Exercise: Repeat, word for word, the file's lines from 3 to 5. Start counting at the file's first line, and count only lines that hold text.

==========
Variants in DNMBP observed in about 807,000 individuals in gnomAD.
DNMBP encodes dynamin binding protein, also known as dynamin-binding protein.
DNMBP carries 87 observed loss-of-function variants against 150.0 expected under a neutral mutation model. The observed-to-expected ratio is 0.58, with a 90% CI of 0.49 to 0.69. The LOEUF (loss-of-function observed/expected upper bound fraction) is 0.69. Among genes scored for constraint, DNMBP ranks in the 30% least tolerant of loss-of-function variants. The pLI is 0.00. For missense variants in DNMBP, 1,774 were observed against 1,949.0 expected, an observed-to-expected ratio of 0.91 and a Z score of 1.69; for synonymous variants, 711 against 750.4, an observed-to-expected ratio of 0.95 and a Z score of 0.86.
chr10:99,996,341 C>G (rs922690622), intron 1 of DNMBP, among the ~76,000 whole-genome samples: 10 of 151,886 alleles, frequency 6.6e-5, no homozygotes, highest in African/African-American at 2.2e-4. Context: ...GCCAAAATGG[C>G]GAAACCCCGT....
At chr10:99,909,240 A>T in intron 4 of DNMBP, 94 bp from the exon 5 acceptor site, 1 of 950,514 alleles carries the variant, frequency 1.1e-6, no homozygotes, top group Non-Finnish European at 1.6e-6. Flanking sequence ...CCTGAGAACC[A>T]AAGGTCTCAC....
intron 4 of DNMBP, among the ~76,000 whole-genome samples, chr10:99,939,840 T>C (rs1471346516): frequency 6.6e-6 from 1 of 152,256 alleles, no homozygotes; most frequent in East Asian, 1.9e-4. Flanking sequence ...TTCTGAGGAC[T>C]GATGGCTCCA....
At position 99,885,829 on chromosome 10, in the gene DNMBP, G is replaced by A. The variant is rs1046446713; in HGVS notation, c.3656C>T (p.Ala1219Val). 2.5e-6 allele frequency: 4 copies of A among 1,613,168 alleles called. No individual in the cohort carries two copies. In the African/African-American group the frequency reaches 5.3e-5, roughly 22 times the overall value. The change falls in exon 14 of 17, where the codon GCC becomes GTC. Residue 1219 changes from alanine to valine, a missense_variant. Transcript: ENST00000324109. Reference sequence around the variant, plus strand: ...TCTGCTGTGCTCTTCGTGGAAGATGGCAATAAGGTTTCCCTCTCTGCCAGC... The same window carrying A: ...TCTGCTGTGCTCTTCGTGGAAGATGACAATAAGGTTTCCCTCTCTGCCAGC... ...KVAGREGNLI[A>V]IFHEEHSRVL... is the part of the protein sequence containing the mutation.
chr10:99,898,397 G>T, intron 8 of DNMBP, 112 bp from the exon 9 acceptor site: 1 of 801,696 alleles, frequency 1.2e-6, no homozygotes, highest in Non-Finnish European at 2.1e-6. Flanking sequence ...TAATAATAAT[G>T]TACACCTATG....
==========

DNMBP carries 87 observed loss-of-function variants against 150.0 expected under a neutral mutation model. The observed-to-expected ratio is 0.58, with a 90% CI of 0.49 to 0.69. The LOEUF (loss-of-function observed/expected upper bound fraction) is 0.69. Among genes scored for constraint, DNMBP ranks in the 30% least tolerant of loss-of-function variants. The pLI is 0.00. For missense variants in DNMBP, 1,774 were observed against 1,949.0 expected, an observed-to-expected ratio of 0.91 and a Z score of 1.69; for synonymous variants, 711 against 750.4, an observed-to-expected ratio of 0.95 and a Z score of 0.86.
chr10:99,996,341 C>G (rs922690622), intron 1 of DNMBP, among the ~76,000 whole-genome samples: 10 of 151,886 alleles, frequency 6.6e-5, no homozygotes, highest in African/African-American at 2.2e-4. Context: ...GCCAAAATGG[C>G]GAAACCCCGT....
At chr10:99,909,240 A>T in intron 4 of DNMBP, 94 bp from the exon 5 acceptor site, 1 of 950,514 alleles carries the variant, frequency 1.1e-6, no homozygotes, top group Non-Finnish European at 1.6e-6. Flanking sequence ...CCTGAGAACC[A>T]AAGGTCTCAC....